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What Is The ACTAPS Code?

The Association of Contentious Trust and Probate Specialists (“ACTAPS”) was founded in September 1997 for lawyers specialising in trust and probate work.

You can find a specialist lawyer from their list of members. Members have to be substantially engaged in contentious trust and probate law and practice.

ACTAPS run an accreditation course over 2 years in collaboration with the University of Law for al barristers, solicitors and legal executives.

Pre-Action Protocols

A pre-action protocol will govern conduct of parties prior to and in an attempt to avoid court litigation.

There are specific protocols for specific types of cases (such as personal injury, debt, housing disrepair and possession, etc).

There is also a general Practice Direction – Pre-Action Conduct and Protocols where a specific one does not apply.

Paragraph 4 of this general protocol states that

‘in cases not covered by any protocol, the court will expect the parties to act reasonably in exchanging information and documents relevant to their claim and in trying to avoid the necessity for the start of proceedings’.

These can be found in the Civil Procedure Rules (“CPR”).


ACTAPS have proposed for some time a pre-action protocol for contentious probate disputes. Whilst it has not been formally adopted in the CPR, it is used as the primary guidance for best practice by lawyers in this area.

The Code is approved by the Trust law Committee and ACTAPS members are encouraged to abide by the Code, as well as practitioners in this area.

The main types of disputes within the ambit of this Code can be expected to be:

  • challenges to the validity of a will, for example on grounds of want of capacity or knowledge and approval, undue influence or forgery
  • claims under the Inheritance (Provision for Family and Dependants) Act 1975 (“the Inheritance Act”)
  • actions for the removal of an administrator or executor or trustee or the appointment of a judicial trustee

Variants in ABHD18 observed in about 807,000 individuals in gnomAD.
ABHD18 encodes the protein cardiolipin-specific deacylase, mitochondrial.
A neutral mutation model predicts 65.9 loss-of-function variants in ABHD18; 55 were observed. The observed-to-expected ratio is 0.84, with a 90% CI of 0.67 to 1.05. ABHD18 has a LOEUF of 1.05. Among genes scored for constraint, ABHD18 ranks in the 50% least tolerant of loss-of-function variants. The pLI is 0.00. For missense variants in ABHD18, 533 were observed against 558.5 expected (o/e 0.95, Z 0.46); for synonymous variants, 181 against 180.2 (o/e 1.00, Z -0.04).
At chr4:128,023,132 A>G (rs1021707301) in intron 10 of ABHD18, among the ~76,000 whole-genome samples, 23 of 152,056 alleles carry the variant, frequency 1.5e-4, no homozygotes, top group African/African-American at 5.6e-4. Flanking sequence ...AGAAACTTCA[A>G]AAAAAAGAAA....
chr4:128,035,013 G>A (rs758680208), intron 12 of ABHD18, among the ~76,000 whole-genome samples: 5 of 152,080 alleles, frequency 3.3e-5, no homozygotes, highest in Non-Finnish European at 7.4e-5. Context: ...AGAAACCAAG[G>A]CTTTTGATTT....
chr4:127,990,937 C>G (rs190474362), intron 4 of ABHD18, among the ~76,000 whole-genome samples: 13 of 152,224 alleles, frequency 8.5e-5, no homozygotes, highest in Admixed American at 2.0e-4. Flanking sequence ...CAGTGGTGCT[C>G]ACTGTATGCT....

• actions for the rectification of a will or other document
  • disputes as to the meanings of provisions in a will or a trust
  • administration actions
  • allegations of breach of trust.

The aims of the Code are

  1. to encourage the resolution of disputes without hostile litigation; and
  2. even where litigation may be necessary to ensure that it is simplified as far as possible by maximizing the scope for the exchange of relevant information before the litigation process has commenced

The Code provides guidance on

  1. the Letter of Claim
  2. the Letter of Response
  3. Documents
  4. Experts

Precedents documents are set out in the annexes

Contentious Probate Disputes

There continues to be a rise of these disputes, driven by increased value in the main asset of the estate (properties), awareness in the public and/or a sense of entitlement to inheritance, etc

Litigation however should be not be embarked on lightly, otherwise there becomes a real risk that the estate is depleted by each party’s legal costs leaving nothing to fight over

Litigation should be the last resort and parties should attempt to reach an amicable resolution through Alternative Dispute Resolution, with guidance from pre-action protocols such as the ACTAPS Code.

Pre-action conduct can be taken into account when deciding the issues of costs at the conclusion of a case and you can be penalised (even if you win) for failure to adhere to protocols.

If you are in need of sound legal advice at an early stage then sourcing a specialist lawyer through ACTAPS is a good starting point.

Chun Wong is a member of ACPTAPS and Brenel Menezes is a student member undertaking the accreditation course. To speak to our legal experts call 0330 822 3451 or request a callback.

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